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Statistical predictability of the Arctic sea ice volume anomaly: identifying predictors and optimal sampling locations
Ponsoni, L.; Massonnet, F.; Docquier, D.; Van Achter, G.; Fichefet, T. (2020). Statistical predictability of the Arctic sea ice volume anomaly: identifying predictors and optimal sampling locations. Cryosphere 14(7): 2409-2428.
In: The Cryosphere. Copernicus: Göttingen. ISSN 1994-0416; e-ISSN 1994-0424, more
Peer reviewed article  

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  • Van Achter, G., more
  • Fichefet, T., more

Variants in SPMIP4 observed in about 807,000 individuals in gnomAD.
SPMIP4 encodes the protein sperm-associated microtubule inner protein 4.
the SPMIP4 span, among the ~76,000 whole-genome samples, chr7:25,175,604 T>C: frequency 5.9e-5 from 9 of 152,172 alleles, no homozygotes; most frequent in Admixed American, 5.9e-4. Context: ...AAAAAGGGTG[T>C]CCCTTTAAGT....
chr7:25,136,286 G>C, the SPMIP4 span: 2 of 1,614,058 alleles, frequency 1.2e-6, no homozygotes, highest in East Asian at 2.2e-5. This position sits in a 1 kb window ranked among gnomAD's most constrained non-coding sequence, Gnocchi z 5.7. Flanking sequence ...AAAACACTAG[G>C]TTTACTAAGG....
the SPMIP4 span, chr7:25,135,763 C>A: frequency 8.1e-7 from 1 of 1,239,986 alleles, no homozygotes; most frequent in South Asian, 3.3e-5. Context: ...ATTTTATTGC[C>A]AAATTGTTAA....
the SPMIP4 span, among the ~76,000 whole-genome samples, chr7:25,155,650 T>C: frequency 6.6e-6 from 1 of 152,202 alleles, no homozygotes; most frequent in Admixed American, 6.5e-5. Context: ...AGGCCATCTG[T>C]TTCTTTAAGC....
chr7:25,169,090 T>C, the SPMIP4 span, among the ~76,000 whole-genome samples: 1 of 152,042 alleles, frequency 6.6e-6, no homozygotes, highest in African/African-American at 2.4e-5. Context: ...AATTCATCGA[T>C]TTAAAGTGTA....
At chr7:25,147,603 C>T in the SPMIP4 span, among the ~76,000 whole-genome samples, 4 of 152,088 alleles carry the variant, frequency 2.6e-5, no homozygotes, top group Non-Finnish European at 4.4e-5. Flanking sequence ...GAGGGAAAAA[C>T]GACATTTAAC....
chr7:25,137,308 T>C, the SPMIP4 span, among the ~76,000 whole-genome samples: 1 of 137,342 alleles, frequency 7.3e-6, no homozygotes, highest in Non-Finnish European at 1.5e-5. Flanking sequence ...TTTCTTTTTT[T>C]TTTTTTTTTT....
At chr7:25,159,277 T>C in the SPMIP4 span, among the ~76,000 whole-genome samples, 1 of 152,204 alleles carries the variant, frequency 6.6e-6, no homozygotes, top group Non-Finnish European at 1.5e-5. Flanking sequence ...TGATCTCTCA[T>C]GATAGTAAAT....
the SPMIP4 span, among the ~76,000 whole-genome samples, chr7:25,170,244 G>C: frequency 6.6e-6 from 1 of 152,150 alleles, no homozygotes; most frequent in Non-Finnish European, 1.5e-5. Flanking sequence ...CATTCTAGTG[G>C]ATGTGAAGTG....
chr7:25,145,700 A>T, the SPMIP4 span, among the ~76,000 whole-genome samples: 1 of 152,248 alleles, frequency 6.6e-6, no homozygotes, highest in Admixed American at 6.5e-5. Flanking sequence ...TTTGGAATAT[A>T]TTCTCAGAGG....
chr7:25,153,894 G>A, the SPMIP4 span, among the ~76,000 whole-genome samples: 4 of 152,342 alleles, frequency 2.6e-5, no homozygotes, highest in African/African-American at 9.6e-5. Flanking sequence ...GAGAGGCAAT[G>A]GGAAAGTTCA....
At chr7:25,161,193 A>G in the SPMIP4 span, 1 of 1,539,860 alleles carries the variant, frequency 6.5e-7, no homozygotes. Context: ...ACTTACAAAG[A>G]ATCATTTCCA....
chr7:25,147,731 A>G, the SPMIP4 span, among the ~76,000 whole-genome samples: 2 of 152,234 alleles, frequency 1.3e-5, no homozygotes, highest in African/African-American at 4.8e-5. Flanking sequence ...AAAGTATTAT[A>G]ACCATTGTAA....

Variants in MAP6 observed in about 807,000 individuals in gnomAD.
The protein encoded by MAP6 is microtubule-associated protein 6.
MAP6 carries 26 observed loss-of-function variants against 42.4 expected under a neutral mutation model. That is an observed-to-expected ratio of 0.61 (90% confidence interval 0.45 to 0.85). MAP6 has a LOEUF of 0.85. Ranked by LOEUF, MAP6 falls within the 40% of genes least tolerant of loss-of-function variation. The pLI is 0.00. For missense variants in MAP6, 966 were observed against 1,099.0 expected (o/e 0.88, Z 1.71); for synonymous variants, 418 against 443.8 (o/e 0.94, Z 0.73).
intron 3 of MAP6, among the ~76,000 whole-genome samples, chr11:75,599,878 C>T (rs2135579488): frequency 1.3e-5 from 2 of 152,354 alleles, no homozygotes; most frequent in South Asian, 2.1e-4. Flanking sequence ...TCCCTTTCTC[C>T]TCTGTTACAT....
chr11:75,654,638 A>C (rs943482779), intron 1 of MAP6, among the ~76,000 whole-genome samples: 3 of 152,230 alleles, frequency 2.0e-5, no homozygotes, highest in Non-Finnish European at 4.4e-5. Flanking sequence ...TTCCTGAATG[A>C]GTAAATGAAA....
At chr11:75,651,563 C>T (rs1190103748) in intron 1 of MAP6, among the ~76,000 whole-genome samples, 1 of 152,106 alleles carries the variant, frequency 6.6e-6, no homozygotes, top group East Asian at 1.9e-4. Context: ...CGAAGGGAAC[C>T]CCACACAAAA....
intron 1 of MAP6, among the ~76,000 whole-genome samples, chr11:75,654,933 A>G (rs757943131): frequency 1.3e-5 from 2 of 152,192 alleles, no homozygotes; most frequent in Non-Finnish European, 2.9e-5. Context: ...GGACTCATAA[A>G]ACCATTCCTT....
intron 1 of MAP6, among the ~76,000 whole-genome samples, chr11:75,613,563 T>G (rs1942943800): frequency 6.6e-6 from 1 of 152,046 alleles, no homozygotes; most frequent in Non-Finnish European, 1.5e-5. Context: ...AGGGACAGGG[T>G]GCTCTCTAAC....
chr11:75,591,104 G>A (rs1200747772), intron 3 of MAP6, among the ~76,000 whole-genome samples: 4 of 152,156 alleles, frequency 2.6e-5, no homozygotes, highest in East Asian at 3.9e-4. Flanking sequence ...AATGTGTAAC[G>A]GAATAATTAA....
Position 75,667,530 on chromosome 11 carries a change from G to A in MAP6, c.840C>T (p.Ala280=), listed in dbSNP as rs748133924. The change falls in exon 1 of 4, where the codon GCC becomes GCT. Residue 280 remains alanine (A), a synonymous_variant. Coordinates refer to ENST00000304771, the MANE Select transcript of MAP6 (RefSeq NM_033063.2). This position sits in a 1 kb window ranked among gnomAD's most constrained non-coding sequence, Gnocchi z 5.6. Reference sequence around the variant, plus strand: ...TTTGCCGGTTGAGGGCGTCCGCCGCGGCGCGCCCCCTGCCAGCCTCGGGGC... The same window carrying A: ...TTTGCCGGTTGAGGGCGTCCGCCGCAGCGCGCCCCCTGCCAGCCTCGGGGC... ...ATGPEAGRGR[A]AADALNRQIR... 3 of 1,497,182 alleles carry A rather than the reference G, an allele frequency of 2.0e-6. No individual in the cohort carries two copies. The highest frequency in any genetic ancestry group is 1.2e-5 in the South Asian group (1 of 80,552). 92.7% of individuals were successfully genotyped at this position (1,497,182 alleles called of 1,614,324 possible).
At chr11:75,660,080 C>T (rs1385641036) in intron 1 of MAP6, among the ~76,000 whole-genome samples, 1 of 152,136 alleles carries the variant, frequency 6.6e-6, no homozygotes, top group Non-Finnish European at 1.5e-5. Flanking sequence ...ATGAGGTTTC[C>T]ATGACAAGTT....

This work evaluates the statistical predictability of the Arctic sea ice volume (SIV) anomaly – here defined as the detrended and deseasonalized SIV – on the interannual timescale. To do so, we made use of six datasets, from three different atmosphere–ocean general circulation models, with two different horizontal grid resolutions each. Based on these datasets, we have developed a statistical empirical model which in turn was used to test the performance of different predictor variables, as well as to identify optimal locations from where the SIV anomaly could be better reconstructed and/or predicted. We tested the hypothesis that an ideal sampling strategy characterized by only a few optimal sampling locations can provide in situ data for statistically reproducing and/or predicting the SIV interannual variability. The results showed that, apart from the SIV itself, the sea ice thickness is the best predictor variable, although total sea ice area, sea ice concentration, sea surface temperature, and sea ice drift can also contribute to improving the prediction skill. The prediction skill can be enhanced further by combining several predictors into the statistical model. Applying the statistical model with predictor data from four well-placed locations is sufficient for reconstructing about 70 % of the SIV anomaly variance. As suggested by the results, the four first best locations are placed at the transition Chukchi Sea–central Arctic–Beaufort Sea (79.5∘ N, 158.0∘ W), near the North Pole (88.5∘ N, 40.0∘ E), at the transition central Arctic–Laptev Sea (81.5∘ N, 107.0∘ E), and offshore the Canadian Archipelago (82.5∘ N, 109.0∘ W), in this respective order. Adding further to six well-placed locations, which explain about 80 % of the SIV anomaly variance, the statistical predictability does not substantially improve taking into account that 10 locations explain about 84 % of that variance. An improved model horizontal resolution allows a better trained statistical model so that the reconstructed values better approach the original SIV anomaly. On the other hand, if we inspect the interannual variability, the predictors provided by numerical models with lower horizontal resolution perform better when reconstructing the original SIV variability. We believe that this study provides recommendations for the ongoing and upcoming observational initiatives, in terms of an Arctic optimal observing design, for studying and predicting not only the SIV values but also its interannual variability.

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